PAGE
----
Olive oil 101

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About Baking & Frying with Olive Oil

A staple of the Mediterranean diet, but still cooking with olive oil has some myths attached to it. Dutch people, in particular, will often ask me: "Is baking and frying with cold-pressed extra virgin olive oil actually safe or do we need refined pomace olive oil for that?" And my short answer to that is: “Yes, it's absolutely safe, but please read more to take your own decision”

The Importance of the Smoke Point

The suitability of your favorite vegetable or animal oil for cooking depends chiefly on its so called “smoke point”. This is the temperature whereby - quite suddenly - a foul smelling blue or black fume of smoke evolves from your frying pan. One or more components of the oil start to burn and even inhaling the resulting soot and smoke is very unhealthy and can cause cancer. Obviously, overheating should be avoided. So oils with the highest smoke point should be the best for cooking.

Here are some smoke points from the Culinary Institute of America as published in 1996 by John Wiley & Sons: Clear Soybean Oil: 257º C. (495º F) Clear Sunflower Oil: 225º C.(440º F) Clear Extra Virgin Olive Oil: 190º C. (375º F) Lard: 190º C. (375º F) Shortening: 165º C. (325º F) Butter: 150º C. (300º F)

Cloudy Oil

In practice, however, smoke points can vary wildly, because of free fatty acid content, but even more so because of the presence of tiny particles in the oil. These particles (coming from fruit pulp or fried food) burn much faster than the oil itself. As a consequence, cloudy oils will have reduced smoke points and you should limit re-using them for extreme cooking (deep frying and wokking) to no more than 3 times. Fresh Can Solivera Extra Virgin Olive Oil is initially slightly cloudy, but will clear up within 3 to 6 months by natural decantation in your container. The tiny particles of fruit pulp which come along and give unfiltered fresh olive oil its cloudy look, add an extra dimension to the original taste, much better appreciated at ambient temperature anyway.

Seed Oils and PAH’s

TRefined and pomace olive oil, on the other hand, are industrial products, which undergo scrupulous filtering at various stages during the process to the point where all color, taste and odor has been removed. Understandably, refineries heavily promote this product for cooking, but is it better? I think not. Not only because of lack of taste, but even more so because olive pomace oil is essentially a seed oil made from the semi-solid cake of crushed seeds, left in the mill after cold extraction. Along with olive pomace oil, all vegetable seed oils like corn, sunflower, peanuts, safflower, cotton, grape, soybean, pumpkin, canola, mustard, avocado and camellia fall in this category. Seed oils cannot be cold extracted, but must be obtained by a technique called “hexane extraction”. The use of this technique involves high temperatures (> 300 º C), which cause the birth of a group of chemical compounds called Polycyclic Aromatic Hydrocarbons (PAH’s) which end up in the oil and produce cancer. These – ironically - are the same PAH’s, which will spontaneously occur in your favorite cooking oil when inadvertently reaching its smoke point in your own kitchen! A heavy PAH called benzene(a)pyrene (BaP) is the biggest offender. Following an I.O.O.C. recommendation, the E.U. has reset recently the legal limit for BaP content in all edible oils and fats at max. 2 g/kg (Resolution 835/2011).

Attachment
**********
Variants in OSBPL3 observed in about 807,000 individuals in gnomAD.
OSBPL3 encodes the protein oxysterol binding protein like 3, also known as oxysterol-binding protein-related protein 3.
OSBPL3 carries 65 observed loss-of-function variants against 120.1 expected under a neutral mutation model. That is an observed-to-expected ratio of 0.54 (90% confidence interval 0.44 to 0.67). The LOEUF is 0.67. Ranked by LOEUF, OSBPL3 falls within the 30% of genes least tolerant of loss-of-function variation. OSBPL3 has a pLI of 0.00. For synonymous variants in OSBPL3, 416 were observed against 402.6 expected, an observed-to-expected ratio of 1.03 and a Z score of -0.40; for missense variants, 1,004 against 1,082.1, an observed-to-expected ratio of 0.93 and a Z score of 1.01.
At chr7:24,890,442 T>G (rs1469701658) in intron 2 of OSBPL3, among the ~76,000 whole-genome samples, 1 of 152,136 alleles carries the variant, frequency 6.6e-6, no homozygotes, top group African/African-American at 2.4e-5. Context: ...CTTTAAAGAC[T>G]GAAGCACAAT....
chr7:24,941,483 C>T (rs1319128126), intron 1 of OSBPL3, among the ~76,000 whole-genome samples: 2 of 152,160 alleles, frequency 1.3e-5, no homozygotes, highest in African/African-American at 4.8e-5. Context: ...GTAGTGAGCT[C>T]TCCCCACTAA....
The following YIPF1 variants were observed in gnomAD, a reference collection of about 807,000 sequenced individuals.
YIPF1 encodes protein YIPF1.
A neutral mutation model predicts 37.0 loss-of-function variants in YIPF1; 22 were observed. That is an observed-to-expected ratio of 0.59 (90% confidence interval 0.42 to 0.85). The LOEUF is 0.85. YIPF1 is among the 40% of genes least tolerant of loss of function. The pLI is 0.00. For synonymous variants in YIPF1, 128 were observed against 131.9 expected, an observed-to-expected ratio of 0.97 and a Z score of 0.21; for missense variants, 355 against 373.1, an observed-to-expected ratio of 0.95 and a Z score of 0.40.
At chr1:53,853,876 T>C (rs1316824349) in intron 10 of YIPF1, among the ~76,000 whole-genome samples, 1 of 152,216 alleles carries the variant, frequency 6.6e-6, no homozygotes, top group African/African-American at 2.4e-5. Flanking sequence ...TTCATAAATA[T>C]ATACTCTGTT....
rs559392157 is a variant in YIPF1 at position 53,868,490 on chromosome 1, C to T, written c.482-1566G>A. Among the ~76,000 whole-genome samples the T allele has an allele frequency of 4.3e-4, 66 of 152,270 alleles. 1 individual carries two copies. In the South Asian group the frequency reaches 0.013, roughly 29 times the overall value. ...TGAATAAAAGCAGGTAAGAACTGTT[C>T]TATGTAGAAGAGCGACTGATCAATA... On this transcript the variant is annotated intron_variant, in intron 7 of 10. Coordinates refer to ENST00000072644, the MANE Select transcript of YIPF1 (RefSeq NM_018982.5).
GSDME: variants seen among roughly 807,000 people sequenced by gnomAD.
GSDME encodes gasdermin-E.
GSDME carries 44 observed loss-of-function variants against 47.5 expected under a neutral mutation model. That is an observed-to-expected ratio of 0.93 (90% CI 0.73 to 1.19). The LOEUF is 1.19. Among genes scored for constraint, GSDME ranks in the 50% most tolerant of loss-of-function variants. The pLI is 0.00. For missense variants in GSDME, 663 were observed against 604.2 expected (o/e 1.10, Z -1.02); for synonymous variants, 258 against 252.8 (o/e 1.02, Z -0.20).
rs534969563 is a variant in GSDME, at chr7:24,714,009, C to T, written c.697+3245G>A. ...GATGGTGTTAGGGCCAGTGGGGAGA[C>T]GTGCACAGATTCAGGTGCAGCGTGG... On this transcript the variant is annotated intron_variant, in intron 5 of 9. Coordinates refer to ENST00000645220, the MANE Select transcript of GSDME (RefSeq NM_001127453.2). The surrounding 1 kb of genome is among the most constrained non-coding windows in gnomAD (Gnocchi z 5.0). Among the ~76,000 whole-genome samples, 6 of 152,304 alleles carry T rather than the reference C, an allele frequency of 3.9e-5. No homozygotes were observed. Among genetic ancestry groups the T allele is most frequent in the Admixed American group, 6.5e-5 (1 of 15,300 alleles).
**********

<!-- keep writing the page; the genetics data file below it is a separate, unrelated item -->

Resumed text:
Refined Olive Pomace Oil (lowest quality)

This olive oil is produced in a distillery by means of hexane or heptane extraction at high temperatures. The raw material is not Lamp Olive Oil but rather the semi-solid olive cake called Pomace, which is left in the centrifuge after milling. It mainly consists of crushed olive seeds, but it still contains some oil, which can only be extracted by chemical means. Also spent filter sand, saturated with olive oil, which mills used to instantly remove tiny fruit particles, is a source of raw material for the distilleries. The physical appearance of Pomace Olive Oil is the same as with Refined Olive Oil and the acidity is artificially set at < 0.3%. Also the end users are the same as with Refined Olive Oil with the addition of the cosmetics industry.

A Devil’s Dilemma

There is one problem however: because of the high temperatures applied during the industrial process, a group of totally new chemical compounds is formed, both in Refined Olive Oil and even more so in Refined Olive Pomace Oil, called Polycyclic Aromatic Hydrocarbons (PAH’s), which are potentially carcinogenic. The level of the worst offender, a heavy PAH called benzo(a)pyrene, serves as a marker for the presence of other PAH’s of which fluoranthene, anthracene and chrysene are the most important. Unfortunately, these intruders can only be removed from the oil at high cost. Officials from olive oil producing countries have negotiated for years with the I.O.O.C. and law makers in Brussels to set a “safe” benzo(a)pyrene norm for human consumption of olive oil (presently max. 2 µg/kg in all edible oils). One way of lowering the benzo(a)pyrene content to legal levels is by mixing Pomace Olive Oil and Refined Olive Oil with some Virgin Oli